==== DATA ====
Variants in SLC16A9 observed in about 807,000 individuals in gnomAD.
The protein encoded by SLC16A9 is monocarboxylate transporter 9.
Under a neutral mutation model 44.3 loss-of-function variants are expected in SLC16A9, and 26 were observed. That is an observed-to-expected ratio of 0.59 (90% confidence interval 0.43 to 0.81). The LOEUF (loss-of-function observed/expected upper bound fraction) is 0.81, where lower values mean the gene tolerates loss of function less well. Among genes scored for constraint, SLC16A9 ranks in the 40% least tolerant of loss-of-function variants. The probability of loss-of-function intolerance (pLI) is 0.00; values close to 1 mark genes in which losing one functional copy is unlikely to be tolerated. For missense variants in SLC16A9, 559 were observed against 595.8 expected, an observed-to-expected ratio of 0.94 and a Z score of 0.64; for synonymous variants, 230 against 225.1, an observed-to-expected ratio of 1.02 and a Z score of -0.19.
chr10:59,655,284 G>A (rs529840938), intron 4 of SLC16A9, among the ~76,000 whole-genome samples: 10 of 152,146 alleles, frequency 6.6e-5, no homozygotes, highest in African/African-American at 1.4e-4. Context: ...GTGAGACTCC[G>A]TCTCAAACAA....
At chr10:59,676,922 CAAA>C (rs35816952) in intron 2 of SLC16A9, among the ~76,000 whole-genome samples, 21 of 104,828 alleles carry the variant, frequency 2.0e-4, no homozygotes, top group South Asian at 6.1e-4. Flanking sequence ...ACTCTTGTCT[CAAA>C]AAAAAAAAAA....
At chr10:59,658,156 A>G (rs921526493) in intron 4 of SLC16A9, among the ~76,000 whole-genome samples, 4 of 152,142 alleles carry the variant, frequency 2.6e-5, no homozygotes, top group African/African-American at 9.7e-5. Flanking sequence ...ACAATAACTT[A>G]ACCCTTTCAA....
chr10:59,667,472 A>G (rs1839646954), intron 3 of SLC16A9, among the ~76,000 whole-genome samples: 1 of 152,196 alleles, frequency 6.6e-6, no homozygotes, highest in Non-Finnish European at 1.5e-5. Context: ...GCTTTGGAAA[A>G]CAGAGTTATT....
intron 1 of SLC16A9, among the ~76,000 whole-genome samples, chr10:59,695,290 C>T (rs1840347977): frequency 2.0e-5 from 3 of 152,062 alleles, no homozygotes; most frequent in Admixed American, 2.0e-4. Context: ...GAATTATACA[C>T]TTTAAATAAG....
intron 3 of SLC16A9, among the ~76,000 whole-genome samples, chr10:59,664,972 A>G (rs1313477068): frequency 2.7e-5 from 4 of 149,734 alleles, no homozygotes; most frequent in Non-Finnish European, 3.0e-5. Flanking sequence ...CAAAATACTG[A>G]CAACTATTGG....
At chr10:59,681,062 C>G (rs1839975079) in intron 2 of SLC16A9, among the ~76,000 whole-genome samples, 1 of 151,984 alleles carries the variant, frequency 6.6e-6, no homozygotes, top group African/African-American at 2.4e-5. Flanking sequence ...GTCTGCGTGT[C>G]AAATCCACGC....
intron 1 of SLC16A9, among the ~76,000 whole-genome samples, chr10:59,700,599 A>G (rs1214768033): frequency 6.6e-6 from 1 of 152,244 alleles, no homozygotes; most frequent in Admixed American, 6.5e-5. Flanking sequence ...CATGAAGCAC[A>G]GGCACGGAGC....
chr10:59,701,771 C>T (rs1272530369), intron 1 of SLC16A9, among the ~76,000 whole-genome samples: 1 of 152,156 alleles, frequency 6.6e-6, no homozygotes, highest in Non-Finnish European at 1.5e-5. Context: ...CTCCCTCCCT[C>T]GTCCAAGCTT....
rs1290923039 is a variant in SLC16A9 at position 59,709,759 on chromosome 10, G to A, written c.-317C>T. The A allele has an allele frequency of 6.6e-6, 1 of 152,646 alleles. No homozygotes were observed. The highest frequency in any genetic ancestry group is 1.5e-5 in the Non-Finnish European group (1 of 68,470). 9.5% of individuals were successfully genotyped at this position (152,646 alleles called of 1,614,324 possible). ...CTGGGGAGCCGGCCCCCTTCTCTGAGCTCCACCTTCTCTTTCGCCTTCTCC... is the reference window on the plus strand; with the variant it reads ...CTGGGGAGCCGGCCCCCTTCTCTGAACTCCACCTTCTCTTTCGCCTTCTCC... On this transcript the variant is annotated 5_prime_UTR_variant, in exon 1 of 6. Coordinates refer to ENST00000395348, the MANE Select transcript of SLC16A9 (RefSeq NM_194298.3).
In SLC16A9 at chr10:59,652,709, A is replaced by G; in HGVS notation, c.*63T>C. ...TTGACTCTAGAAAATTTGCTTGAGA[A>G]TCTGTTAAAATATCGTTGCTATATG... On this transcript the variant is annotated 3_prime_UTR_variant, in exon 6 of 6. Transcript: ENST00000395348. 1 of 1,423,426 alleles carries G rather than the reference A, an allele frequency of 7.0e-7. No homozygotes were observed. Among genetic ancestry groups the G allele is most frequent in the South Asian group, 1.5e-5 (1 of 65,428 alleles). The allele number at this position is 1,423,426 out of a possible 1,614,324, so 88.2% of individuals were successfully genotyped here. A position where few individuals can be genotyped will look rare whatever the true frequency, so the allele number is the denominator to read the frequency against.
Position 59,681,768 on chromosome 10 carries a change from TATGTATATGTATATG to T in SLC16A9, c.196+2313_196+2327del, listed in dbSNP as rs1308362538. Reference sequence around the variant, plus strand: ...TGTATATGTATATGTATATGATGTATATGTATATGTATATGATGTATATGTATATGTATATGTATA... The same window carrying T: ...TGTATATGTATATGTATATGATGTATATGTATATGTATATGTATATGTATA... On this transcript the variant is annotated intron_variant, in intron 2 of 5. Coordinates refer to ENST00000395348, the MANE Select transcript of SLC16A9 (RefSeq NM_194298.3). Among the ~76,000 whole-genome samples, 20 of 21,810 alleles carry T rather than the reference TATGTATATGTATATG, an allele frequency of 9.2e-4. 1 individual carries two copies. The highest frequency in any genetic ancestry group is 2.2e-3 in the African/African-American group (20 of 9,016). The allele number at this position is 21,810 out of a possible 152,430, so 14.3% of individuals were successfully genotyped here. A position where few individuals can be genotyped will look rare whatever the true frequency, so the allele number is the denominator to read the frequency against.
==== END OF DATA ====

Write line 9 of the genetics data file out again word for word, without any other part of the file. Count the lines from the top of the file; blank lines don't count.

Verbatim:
intron 3 of SLC16A9, among the ~76,000 whole-genome samples, chr10:59,664,972 A>G (rs1313477068): frequency 2.7e-5 from 4 of 149,734 alleles, no homozygotes; most frequent in Non-Finnish European, 3.0e-5. Flanking sequence ...CAAAATACTG[A>G]CAACTATTGG....